Should foreigners go to protests and get involved in Thai politics?

Should foreigners get involved in the Thai protests? Is it any of our business? Is there a danger of being targeted and thrown out of the country?

Most foreigners, certainly the vast majority, will say they’re uncomfortable even discussing local politics with Thais, especially THAT other big topic. Most are happy to walk the beaches, explore or sit in the bar and ponder the world around them without getting their hands dirty with domestic demonstrations.

But Human Rights Watch campaigner Phil Robertson challenges anyone to come up with a case of a foreigner being turned down for a new visa after appearing at the protest in Thailand.

“I would challenge people spreading these rumours to point to a single cause of a foreigner deported for going to a protest or for posting something critical on Facebook or Twitter. And the truth is they just won’t find any.”

But go online, anytime the news turns to protests, and the ‘farang gang’ make their thoughts clear, while hiding behind anonymous profiles. But none would ever be seen showing their support for Thai democracy, or any other cause, at an actual protest.

Not that we’d recommend grabbing your protest sign and water bottle and marching off to join in the next protest in Thailand. But the common belief that foreigners would be targeted and “thrown out of Thailand” may be an expat urban myth that has little evidence to support it.

We approached Brad Adams, Asia Director for Human Rights Watch and asked if they believed foreigners should get involved in Thai politics. Of course some people would say it’s “none of our business”.

“Foreigners who live and work in Thailand, or who have settled in the country and have Thai spouses and families, have the same rights to speak out on issues that affect their lives as anyone else. Basic civil and political liberties are not limited by nationality. To claim otherwise is to play into an unfortunate trend of increased xenophobia that has been on the rise in Thailand since the military coup in 2014.”

Responding to a post about the matter on Facebook ‘Regis’ said…. “Actually, i have no fear to say that the corrupt government is a sad joke here. They want to cancel my visa because i open my mouth? I don’t give a shit as I have the freedom to chose the country where i want to live. If they think that we have no other choice, they are making a big mistake. My freedom of speech is priceless, you can’t buy it with a visa. It wouldn’t take long for me to cross the eastern border. I can pack my stuff and leave within 24h, from anywhere. This is freedom. There are nice people, landscapes and excellent food as well on the other side of the Thai borders.”

Some foreigners point to the case of 47 year old game developer Yan Marchal, a French blogger who was paid a visit by the police in 2019 for posting a parody video mocking the NCPO’s theme song “Bringing Happiness Back to the People”.

Marchal later said there were no legal repercussions from the incident – and certainly no deportation attempts.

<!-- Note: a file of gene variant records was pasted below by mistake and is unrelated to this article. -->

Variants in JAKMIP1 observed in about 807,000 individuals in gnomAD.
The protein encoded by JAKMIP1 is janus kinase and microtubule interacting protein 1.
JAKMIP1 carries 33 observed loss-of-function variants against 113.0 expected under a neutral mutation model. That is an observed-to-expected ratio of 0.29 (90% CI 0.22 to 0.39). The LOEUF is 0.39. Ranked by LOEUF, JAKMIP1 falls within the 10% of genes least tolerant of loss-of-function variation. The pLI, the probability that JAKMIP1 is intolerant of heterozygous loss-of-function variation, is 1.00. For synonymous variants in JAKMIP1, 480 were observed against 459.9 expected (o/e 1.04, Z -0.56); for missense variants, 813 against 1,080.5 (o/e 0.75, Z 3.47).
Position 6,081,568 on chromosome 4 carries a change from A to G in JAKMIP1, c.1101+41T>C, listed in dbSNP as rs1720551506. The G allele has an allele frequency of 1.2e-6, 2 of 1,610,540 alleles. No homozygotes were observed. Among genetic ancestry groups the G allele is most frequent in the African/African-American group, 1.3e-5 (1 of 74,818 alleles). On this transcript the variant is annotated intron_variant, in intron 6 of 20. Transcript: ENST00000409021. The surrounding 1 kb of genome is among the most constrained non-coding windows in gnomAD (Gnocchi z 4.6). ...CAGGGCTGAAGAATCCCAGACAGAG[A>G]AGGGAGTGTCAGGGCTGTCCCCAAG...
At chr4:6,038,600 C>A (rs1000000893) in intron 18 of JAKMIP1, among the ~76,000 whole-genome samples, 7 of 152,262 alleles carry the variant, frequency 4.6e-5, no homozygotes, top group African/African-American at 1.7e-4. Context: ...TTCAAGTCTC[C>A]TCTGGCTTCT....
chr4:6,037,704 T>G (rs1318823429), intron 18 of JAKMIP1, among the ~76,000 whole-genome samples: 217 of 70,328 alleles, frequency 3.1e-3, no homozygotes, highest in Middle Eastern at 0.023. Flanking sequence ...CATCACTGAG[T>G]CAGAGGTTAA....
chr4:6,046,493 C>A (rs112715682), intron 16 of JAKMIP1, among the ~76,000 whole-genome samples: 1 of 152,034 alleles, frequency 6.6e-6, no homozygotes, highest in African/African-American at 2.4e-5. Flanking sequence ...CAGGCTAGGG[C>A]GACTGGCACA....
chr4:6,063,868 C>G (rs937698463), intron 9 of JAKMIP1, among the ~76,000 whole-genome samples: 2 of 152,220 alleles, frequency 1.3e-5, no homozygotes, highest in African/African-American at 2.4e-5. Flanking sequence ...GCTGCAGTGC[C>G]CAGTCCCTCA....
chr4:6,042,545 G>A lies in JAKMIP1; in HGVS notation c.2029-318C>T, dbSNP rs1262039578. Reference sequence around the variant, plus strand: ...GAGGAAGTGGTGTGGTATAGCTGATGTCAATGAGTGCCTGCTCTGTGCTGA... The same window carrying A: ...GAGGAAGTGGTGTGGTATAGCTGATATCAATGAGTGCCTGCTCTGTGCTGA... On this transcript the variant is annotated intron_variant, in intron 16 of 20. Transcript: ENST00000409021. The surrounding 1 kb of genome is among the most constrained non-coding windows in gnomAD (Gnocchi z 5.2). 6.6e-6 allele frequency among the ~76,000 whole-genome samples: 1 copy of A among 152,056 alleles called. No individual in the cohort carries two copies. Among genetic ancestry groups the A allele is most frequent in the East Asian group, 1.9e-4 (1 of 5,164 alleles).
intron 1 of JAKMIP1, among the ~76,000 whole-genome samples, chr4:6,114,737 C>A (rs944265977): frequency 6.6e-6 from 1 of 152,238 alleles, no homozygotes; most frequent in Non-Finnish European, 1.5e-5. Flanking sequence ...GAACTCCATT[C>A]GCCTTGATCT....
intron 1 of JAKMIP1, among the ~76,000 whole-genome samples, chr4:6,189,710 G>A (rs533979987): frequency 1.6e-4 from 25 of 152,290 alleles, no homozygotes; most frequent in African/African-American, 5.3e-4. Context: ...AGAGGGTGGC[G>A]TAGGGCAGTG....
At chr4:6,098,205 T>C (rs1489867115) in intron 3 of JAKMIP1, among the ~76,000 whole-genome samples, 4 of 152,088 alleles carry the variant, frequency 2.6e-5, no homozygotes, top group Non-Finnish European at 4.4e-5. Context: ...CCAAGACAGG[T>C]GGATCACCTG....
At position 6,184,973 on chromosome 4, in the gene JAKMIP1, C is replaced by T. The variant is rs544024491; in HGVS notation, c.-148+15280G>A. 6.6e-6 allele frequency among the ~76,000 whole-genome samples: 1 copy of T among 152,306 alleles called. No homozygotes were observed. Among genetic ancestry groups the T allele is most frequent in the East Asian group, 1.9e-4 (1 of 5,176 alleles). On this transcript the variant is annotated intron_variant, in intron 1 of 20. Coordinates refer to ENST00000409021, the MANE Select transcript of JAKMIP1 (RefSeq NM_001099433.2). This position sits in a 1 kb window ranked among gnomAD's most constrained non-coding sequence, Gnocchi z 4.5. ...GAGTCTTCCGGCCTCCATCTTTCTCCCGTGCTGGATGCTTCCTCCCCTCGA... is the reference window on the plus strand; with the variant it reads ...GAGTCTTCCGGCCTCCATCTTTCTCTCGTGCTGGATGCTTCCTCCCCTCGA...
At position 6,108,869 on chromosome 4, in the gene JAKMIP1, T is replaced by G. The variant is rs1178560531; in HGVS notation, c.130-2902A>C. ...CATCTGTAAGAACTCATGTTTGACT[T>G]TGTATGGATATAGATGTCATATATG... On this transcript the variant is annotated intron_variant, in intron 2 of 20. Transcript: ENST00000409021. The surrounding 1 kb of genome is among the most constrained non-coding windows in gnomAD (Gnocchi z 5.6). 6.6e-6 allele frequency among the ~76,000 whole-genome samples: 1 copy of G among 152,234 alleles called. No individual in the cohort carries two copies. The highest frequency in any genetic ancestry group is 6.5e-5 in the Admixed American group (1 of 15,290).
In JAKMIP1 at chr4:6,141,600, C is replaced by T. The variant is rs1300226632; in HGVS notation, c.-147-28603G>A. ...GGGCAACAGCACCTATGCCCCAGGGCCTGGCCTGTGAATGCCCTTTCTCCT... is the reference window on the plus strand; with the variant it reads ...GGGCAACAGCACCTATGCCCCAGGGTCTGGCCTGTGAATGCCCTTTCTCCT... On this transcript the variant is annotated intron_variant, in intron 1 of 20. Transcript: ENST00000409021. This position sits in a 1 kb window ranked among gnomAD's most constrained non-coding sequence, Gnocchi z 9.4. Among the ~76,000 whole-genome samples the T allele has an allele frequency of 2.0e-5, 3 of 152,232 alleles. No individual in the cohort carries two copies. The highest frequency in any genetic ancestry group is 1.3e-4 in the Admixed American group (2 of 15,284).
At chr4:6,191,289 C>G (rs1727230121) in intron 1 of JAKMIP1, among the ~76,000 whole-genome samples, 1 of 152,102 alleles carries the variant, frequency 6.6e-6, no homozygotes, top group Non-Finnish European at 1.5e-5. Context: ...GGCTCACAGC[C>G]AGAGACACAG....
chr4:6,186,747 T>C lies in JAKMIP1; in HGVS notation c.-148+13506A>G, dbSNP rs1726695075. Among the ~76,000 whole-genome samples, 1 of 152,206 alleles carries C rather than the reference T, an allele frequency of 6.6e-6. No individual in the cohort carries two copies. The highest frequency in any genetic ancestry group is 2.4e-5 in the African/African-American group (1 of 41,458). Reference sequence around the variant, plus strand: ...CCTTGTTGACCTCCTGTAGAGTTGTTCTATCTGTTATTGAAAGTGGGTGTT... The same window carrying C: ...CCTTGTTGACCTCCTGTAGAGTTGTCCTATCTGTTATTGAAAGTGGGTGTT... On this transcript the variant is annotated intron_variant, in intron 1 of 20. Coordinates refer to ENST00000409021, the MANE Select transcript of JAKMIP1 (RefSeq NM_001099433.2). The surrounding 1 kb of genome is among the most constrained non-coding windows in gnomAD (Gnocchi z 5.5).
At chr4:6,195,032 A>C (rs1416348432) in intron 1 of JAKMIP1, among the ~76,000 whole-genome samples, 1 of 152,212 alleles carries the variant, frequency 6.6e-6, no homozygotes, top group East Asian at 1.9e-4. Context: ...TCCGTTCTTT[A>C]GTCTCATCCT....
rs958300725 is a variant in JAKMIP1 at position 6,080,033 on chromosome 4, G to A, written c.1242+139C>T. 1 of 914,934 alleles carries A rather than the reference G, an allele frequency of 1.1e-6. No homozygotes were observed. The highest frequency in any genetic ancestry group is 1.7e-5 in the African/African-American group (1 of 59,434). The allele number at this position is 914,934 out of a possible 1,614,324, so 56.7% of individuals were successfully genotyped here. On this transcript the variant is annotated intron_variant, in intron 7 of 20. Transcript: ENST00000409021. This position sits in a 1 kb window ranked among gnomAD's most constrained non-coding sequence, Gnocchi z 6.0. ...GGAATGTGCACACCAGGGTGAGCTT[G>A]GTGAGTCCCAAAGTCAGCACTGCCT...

“The policemen were courteous, they had no animosity against me, they were just doing the job they had been tasked with.”

“I’ve not heard from the police since that informal visit. Since we are here on a visa, it’s a risk that we face if they want to revoke it. But I decide to be outspoken anyway because that is my nature.”

British blogger Richard Barrow also makes occasional reminders in his blogs, Facebook and Twitter posts about some of the inconsistencies and absurdities of Thai life as an expat, especially his campaign against dual pricing. Just recently (it’s almost an annual tradition) Richard wrote on August 13 that immigration officers had visited him with veiled threats that his visa may not be renewed. Comments on the post speculated that it was Richard’s outspoken comments about the Immigration bureau and dual pricing.

But on August 19 Richard announced that his visa had been reissued. He said that the visa “scare” was due to paperwork issues and nothing to do with the content of his posts.

(In fairness, most of what Richard writes is 90% fascinating tourism travelogues and puff pieces about Thai life – he’s the best ambassador the TAT could have!)

When the police summoned former Future First leader Thanathorn Juangroongruangkit to report to Royal Thai Police about alleged violations against the Thai constitution, there were plenty of foreigners, including foreign diplomatic staff, waiting with other to protest his unfair treatment.

Still, there’s no denying, real or imagined, that fears of deportation or the loss of your visa exist. But the Human Rights Watch official said there’s simply no record of the immigration ever deporting or retaliating against any foreigner simply for attending protests.

“Certainly the Thai government is no angel in this regard, but we just haven’t seen any case of deportation or action against foreigners. Immigration has the right to check on the status of any foreigner here. If they wanted to use that in any way for intimidation they certainly could, but the reality is we’re just not seeing that.”

An operator at the Government Contact Centre hotline, speaking to Khaosod English, said… “that as long as a foreigner attending a protest does not engage in illegal activities, they will not be prosecuted for going to it.

“We do not prevent foreigners from going to protests. If they are peacefully going to protests, then there should be no problem,” he said. “If they’re not violent, they won’t be under surveillance. And to protest is within democratic rights as well.”

“But foreigners engaged in lese majeste (criticism of the Thai Kin, monarchy and Royal Family), violence, or any other illegal action may face prosecution like their Thai counterparts. Having a criminal record may also affect applications for visa renewal.”

SOURCE: Khaosod English

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